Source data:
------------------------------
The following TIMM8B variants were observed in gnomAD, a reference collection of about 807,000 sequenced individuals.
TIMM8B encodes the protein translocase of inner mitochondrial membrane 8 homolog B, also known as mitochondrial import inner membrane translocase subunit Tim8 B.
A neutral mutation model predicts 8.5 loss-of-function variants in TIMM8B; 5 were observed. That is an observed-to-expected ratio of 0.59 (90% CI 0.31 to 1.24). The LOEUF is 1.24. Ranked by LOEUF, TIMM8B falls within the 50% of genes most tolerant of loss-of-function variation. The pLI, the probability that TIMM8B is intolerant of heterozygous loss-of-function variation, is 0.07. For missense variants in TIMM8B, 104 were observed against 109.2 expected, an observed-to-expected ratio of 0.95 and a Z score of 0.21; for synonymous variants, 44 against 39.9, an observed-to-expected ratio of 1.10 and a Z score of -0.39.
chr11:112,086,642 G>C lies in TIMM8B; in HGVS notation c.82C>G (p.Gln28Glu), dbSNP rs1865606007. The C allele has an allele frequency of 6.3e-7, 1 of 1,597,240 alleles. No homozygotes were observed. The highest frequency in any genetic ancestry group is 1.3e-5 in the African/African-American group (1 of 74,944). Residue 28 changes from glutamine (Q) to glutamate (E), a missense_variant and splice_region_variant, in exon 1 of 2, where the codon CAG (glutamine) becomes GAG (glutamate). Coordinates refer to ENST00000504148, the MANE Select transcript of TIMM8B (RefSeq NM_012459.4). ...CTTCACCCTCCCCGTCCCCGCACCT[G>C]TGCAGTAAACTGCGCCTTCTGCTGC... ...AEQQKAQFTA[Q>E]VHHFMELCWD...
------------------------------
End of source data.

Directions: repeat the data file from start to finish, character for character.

The following TIMM8B variants were observed in gnomAD, a reference collection of about 807,000 sequenced individuals.
TIMM8B encodes the protein translocase of inner mitochondrial membrane 8 homolog B, also known as mitochondrial import inner membrane translocase subunit Tim8 B.
A neutral mutation model predicts 8.5 loss-of-function variants in TIMM8B; 5 were observed. That is an observed-to-expected ratio of 0.59 (90% CI 0.31 to 1.24). The LOEUF is 1.24. Ranked by LOEUF, TIMM8B falls within the 50% of genes most tolerant of loss-of-function variation. The pLI, the probability that TIMM8B is intolerant of heterozygous loss-of-function variation, is 0.07. For missense variants in TIMM8B, 104 were observed against 109.2 expected, an observed-to-expected ratio of 0.95 and a Z score of 0.21; for synonymous variants, 44 against 39.9, an observed-to-expected ratio of 1.10 and a Z score of -0.39.
chr11:112,086,642 G>C lies in TIMM8B; in HGVS notation c.82C>G (p.Gln28Glu), dbSNP rs1865606007. The C allele has an allele frequency of 6.3e-7, 1 of 1,597,240 alleles. No homozygotes were observed. The highest frequency in any genetic ancestry group is 1.3e-5 in the African/African-American group (1 of 74,944). Residue 28 changes from glutamine (Q) to glutamate (E), a missense_variant and splice_region_variant, in exon 1 of 2, where the codon CAG (glutamine) becomes GAG (glutamate). Coordinates refer to ENST00000504148, the MANE Select transcript of TIMM8B (RefSeq NM_012459.4). ...CTTCACCCTCCCCGTCCCCGCACCT[G>C]TGCAGTAAACTGCGCCTTCTGCTGC... ...AEQQKAQFTA[Q>E]VHHFMELCWD...